Transplant programs can also decline to accept a particular organ for a particular patient for various reasons. In March UNOS implemented new refusal codes to help track the impact of the coronavirus. Preliminary data viewed by WORLD show that from March 25 to May 3, transplant programs refused transplant organ offers 232,455 times due to coronavirus-related reasons. (One organ may have multiple refusals.) Those reasons could include donors or transplant candidates who had either tested positive for the virus or been exposed to it, or temporary shortages of transplant program workers or available operating rooms.
It is unclear whether transplanting an organ from a donor who has SARS-CoV-2 could transmit the virus to the recipient, although Paschke said OPOs are testing organ donors for the virus. The American Society of Transplantation, in a draft guidance document, recommended testing for the virus in donors “whenever feasible.” It acknowledged such testing wouldn’t always be feasible for deceased-donor transplants “due to time constraints or logistical issues.”
DESPITE THE CHALLENGES the pandemic has introduced, transplant coordinators have worked hard to keep life-saving transplants coming. The U.S. transplant program appears to have fared better than programs in some other countries. For example, in April, as the United Kingdom battled the coronavirus outbreak, surgeons there performed only 99 organ transplants, the fewest in 36 years, the BBC reported.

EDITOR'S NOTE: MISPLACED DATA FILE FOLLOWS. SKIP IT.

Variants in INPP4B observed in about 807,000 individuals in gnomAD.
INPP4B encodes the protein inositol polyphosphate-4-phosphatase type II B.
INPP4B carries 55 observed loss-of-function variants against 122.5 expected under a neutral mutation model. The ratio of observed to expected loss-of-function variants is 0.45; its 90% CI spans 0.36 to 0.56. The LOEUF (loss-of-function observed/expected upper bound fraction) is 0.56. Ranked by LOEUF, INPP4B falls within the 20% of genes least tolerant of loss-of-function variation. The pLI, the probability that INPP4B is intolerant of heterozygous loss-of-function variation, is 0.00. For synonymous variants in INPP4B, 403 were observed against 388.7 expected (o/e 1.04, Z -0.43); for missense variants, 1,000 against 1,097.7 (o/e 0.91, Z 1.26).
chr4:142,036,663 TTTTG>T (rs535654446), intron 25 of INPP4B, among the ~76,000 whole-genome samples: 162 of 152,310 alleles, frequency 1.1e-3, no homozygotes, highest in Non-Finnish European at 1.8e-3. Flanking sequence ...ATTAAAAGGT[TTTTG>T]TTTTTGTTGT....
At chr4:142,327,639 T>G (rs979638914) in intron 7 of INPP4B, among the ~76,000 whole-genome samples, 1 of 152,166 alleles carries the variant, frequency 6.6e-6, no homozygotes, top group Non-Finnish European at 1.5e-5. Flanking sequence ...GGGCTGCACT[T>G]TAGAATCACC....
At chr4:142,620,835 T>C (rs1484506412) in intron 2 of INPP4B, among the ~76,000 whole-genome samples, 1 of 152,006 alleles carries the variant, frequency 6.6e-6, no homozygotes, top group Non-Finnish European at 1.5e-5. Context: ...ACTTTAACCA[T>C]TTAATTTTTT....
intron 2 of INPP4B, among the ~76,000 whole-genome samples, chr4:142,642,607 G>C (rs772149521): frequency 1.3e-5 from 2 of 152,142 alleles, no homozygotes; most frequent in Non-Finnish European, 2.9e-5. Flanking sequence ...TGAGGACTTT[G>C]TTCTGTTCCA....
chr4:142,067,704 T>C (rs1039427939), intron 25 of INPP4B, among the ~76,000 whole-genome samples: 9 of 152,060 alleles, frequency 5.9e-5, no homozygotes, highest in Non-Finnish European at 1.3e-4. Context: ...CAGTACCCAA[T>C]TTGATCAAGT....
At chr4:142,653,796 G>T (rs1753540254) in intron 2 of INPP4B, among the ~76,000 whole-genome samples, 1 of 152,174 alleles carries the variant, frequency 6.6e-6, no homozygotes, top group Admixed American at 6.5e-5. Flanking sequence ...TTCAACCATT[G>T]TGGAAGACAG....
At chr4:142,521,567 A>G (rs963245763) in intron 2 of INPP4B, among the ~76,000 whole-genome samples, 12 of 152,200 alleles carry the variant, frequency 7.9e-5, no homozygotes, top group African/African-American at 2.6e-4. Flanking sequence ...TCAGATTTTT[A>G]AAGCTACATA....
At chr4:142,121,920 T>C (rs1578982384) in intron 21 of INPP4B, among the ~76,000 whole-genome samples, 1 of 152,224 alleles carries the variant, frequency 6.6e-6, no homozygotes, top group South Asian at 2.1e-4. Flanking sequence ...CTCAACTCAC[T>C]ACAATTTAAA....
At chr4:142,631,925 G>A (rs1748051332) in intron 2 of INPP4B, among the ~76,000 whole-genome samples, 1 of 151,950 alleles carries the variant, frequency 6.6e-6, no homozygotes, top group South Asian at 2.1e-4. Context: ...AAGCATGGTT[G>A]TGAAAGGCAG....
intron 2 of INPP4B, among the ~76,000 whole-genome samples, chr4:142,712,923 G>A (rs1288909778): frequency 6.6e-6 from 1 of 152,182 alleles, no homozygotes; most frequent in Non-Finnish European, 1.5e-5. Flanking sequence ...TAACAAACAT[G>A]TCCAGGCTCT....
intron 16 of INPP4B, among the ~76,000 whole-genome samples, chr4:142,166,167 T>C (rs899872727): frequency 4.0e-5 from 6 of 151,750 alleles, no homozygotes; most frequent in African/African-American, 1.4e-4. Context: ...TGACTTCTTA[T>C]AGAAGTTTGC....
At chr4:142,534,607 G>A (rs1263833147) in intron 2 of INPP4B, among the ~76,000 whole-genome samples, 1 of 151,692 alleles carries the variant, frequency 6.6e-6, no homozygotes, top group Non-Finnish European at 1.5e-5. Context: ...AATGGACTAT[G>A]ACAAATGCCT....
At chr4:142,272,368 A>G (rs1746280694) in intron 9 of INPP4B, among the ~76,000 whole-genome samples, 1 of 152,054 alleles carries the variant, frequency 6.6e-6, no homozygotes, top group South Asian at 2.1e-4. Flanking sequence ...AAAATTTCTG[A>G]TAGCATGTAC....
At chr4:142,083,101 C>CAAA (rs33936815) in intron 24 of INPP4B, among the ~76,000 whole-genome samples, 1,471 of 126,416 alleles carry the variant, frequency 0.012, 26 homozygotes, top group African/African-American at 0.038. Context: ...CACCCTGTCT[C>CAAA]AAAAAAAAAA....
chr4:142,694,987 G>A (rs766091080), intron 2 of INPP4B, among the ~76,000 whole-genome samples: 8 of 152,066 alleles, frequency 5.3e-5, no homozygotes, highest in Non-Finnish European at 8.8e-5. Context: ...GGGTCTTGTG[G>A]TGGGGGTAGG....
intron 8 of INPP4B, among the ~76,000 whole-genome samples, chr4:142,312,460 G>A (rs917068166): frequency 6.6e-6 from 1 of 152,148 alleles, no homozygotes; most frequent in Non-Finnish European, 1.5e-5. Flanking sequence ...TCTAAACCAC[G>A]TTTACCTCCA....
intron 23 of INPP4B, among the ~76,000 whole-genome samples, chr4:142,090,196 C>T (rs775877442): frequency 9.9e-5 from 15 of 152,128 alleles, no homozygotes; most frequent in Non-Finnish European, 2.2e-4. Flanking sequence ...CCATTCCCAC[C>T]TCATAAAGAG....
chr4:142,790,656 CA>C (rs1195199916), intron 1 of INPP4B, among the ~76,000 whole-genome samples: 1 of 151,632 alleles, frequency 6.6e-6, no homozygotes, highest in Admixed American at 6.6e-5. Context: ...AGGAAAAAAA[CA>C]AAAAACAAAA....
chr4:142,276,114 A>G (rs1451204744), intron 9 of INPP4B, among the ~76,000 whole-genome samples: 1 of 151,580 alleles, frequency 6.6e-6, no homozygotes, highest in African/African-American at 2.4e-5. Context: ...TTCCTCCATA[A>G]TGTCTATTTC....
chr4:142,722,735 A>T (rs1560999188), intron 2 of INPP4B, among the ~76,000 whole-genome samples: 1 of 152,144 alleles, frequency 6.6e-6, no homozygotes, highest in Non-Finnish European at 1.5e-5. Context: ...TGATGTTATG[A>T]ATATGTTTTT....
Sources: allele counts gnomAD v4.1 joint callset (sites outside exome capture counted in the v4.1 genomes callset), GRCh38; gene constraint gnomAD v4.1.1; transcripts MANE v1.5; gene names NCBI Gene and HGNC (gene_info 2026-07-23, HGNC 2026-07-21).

In the United States, creativity and collaboration have proven essential.
Early in the pandemic, Kevin Cmunt at Gift of Hope heard constantly changing safety guidance. At first, the directions said not to wear a mask, but then hospitals required them for everyone. Gift of Hope staffers scoured the internet for masks, and some began to sew their own. Cmunt shared updates and ideas with other OPO directors through online chat rooms and forums. Early on, most OPOs only tested donors if they showed COVID-19 symptoms. But Cmunt said Gift of Hope began testing all donors for the coronavirus, following the lead of an OPO director in Seattle, an early epicenter of the viral outbreak.
Transplant centers also connected: Jennifer Milton, who runs the transplant center at University Health System in San Antonio, said she received a steady stream of information from Seattle and New York. A New York team warned that if a single member on a transplant team was infected, the entire transplant team could be quarantined. “We started hearing from them, ‘Keep your team apart,’” she said. “We were able to implement that in a day—24 hours.”
As Milton’s transplant workers dealt with the added pressure, several transplant recipients sent messages and cards to encourage them. One lung recipient had breakfast delivered for workers at her hospital.
Cmunt said the Gift of Hope staff holds virtual Friday cocktail hours and bingo nights to stay connected and share life updates and tips about homeschooling. “I’m really proud of them, that they’ve been able to continue to make donations happen under some trying circumstances,” he said.